“I think the thing that separates Monica from a lot of players out there is her competitiveness, her will to win,” Frese said.

No one, of course, is more qualified to talk about Wright’s college career than Debbie Ryan, who also coached Staley (and Burge and Palmer and Littles and Reiss).

“She has given her heart, her soul, her body,” Ryan said. “She’s basically given us everything that she has, every single minute. Whether we’re in practice, out of practice, on the court, off the court. She just gives. She gives and gives and gives.

“She exemplifies what a student-athlete is all about. I just think that she is very, very special in every way, shape and form. To have her have this record is tremendous.”

An ending scripted in Hollywood — Monica Wright hits the game-winner! — seemed almost inevitable after Maryland’s Diandra Tchatchourang missed two free throws with 7.2 seconds left and the score 61-60. Wright corraled the rebound and started dribbling upcourt.

With Maryland players scrambling back on defense, she had a lane to the basket. But Ryan, before the free throws, had instructed her players to call time out after Tchatchourang’s shots, and the game halted when Wright crossed over midcourt.

“I just felt like that was the best decision,” Ryan said. “I think that [UVa’s players] agreed. I didn’t know who would get the rebound or who would get the ball, so I just decided to bring it to me. I don’t know if Moni could have kept going. I don’t know if she looked. I just think that the best shot was for us to bring it up and run a halfcourt play.”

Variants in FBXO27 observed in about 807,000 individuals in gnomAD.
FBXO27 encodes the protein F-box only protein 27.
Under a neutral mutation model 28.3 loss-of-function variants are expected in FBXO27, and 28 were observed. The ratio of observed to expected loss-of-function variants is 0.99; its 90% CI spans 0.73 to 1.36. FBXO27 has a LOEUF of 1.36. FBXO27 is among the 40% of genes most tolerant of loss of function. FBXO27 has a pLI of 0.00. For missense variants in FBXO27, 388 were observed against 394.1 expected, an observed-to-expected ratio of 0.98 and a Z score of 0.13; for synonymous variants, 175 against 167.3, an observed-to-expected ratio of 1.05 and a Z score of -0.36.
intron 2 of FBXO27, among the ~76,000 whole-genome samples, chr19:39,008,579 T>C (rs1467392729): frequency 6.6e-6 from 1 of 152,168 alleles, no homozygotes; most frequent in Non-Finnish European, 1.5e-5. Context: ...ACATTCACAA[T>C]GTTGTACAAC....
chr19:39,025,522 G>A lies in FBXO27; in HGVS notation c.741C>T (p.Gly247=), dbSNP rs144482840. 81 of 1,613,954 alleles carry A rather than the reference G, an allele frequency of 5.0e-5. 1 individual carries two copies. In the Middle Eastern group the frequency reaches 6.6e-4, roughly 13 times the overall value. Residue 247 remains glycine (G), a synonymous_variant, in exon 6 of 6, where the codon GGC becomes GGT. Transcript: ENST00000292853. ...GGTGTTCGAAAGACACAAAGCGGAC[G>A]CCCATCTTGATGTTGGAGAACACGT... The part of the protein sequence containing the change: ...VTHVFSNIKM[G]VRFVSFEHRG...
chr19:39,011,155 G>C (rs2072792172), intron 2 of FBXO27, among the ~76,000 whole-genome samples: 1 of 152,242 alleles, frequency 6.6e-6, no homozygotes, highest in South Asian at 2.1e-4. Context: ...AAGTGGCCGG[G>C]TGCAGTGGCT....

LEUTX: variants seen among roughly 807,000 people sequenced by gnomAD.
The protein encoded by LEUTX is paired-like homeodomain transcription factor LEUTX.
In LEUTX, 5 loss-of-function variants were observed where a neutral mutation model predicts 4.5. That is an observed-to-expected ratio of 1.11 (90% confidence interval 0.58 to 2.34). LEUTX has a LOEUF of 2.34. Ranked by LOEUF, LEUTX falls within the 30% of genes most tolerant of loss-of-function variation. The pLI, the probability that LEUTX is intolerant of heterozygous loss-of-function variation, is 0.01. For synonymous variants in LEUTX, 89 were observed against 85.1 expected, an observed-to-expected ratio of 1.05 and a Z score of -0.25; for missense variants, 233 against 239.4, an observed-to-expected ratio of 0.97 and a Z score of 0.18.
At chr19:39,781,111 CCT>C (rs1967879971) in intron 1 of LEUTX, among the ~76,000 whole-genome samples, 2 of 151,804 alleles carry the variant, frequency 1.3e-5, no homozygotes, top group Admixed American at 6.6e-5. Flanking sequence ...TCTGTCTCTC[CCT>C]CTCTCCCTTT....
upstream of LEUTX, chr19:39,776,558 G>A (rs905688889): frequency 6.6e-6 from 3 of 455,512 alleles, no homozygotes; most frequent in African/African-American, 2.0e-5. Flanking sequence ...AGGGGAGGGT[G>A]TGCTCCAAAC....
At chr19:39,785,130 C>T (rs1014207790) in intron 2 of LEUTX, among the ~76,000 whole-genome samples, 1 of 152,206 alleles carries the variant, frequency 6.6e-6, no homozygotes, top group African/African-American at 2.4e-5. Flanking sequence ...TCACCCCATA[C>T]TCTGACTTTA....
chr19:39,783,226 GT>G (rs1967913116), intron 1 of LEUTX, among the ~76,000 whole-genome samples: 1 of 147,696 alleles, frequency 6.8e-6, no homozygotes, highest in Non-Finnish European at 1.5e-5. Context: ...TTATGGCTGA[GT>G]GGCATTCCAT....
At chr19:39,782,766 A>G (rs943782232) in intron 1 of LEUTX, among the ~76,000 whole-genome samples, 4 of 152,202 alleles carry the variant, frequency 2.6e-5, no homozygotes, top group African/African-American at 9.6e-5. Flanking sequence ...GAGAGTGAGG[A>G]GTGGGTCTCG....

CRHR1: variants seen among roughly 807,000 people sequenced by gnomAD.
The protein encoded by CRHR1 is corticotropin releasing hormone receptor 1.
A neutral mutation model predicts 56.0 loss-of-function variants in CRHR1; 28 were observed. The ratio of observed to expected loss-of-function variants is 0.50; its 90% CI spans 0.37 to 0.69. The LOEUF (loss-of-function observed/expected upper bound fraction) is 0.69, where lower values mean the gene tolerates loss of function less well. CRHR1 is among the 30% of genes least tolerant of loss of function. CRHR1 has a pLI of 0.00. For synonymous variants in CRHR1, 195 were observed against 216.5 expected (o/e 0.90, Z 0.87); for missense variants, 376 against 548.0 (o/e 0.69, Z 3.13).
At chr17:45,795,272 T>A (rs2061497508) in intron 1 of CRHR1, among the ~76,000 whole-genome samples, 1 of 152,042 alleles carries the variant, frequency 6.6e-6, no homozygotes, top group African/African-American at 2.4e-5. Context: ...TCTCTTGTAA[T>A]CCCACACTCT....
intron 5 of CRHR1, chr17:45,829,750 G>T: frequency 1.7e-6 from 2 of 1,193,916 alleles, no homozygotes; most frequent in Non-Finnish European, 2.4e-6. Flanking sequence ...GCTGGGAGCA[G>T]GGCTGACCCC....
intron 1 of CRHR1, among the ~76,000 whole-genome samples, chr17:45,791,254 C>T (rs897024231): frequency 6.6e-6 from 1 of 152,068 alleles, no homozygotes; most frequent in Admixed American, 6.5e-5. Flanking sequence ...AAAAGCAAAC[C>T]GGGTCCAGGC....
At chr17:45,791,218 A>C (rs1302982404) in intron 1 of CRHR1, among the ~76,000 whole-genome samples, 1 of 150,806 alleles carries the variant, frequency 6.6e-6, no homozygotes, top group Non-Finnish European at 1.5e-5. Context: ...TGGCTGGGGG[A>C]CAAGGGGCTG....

Wright said: “I think we did decide in the timeout prior to that we were going to get the rebound and go across halfcourt and call time out, but that was if she had scored both baskets. I did see in transition their defense wasn’t set up, but to play it safe and go off what we had decided before, it [was] a better bet just to call that timeout.”

Virginia’s decision helped Maryland, which was able to set its defense, Frese said.

“Absolutely,” she said. “We knew the ball was going to go to Wright. It absolutely gave us time to be able to talk that through.”

After Wright caught the inbounds pass, she turned and found herself surrounded. “My first thought was to try to and go, and then I realized that there was another person coming toward me. Then I was just like, ‘Who can I dump it off to?’ But there wasn’t that many options with 3 seconds left, so I tried to go up and draw the foul.”

The officials’ whistles stayed quiet, and afterward Ryan didn’t dispute the no-call. The Cavaliers (0-2, 11-5) lost the game because of other factors, she said, particularly their poor defense on Maryland sharpshooter Lori Bjork (six 3-pointers).

On a night when Wright went 7 for 24 from the floor, Bjork was 7 for 12. Of course, she didn’t have to deal with the pressure that comes with chasing a school record.

As the ‘Hoos head into an extended break — their next game is Jan. 18 at Virginia Tech — Wright said she’s happy to have her historic night behind her. Her pursuit of Staley will no longer be such a popular topic, and she can focus solely on her team.

“Definitely a sense of relief,” she said.